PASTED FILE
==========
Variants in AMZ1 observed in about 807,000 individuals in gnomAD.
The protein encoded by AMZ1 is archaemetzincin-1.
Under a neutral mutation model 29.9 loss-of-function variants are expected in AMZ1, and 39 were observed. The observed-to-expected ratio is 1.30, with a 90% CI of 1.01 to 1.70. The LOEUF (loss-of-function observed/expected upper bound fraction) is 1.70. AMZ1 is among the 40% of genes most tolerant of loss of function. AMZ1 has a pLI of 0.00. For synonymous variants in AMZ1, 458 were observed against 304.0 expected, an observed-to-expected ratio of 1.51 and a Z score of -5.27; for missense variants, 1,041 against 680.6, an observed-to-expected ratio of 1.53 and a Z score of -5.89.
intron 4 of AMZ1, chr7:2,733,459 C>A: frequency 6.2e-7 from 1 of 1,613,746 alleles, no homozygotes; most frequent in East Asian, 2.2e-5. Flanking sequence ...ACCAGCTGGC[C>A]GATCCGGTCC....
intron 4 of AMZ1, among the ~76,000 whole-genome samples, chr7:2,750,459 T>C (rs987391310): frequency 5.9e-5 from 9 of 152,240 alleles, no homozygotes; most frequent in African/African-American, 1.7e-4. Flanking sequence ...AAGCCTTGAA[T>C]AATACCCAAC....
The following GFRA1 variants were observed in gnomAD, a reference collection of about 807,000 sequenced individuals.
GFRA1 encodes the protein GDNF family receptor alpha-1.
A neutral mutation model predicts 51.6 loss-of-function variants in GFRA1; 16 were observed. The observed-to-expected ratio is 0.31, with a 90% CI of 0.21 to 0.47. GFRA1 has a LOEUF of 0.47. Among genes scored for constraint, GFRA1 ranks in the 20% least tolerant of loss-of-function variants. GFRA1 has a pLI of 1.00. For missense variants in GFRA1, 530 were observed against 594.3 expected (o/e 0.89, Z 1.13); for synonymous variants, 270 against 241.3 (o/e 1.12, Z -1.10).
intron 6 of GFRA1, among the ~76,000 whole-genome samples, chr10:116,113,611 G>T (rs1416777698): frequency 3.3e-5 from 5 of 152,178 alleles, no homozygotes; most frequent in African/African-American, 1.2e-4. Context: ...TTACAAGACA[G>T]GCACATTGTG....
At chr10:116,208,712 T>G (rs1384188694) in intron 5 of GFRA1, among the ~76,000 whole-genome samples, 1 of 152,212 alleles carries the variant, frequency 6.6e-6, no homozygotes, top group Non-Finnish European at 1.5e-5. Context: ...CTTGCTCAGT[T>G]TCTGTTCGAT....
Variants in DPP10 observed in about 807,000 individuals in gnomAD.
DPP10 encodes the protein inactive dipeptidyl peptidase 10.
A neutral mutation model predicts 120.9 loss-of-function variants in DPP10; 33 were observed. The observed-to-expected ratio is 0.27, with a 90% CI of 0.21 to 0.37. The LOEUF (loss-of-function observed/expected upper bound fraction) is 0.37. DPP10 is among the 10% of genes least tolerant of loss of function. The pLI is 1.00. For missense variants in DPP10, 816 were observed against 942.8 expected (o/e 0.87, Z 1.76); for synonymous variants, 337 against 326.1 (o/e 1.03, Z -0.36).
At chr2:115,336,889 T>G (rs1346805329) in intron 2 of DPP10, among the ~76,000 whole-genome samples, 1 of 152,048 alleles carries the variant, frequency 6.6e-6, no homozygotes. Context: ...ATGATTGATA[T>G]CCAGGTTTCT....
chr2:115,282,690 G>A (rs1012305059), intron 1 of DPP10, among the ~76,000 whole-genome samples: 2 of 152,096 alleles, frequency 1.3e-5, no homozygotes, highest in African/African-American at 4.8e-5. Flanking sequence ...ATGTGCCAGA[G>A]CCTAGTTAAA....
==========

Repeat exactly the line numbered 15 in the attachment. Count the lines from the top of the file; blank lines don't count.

chr2:115,282,690 G>A (rs1012305059), intron 1 of DPP10, among the ~76,000 whole-genome samples: 2 of 152,096 alleles, frequency 1.3e-5, no homozygotes, highest in African/African-American at 4.8e-5. Flanking sequence ...ATGTGCCAGA[G>A]CCTAGTTAAA....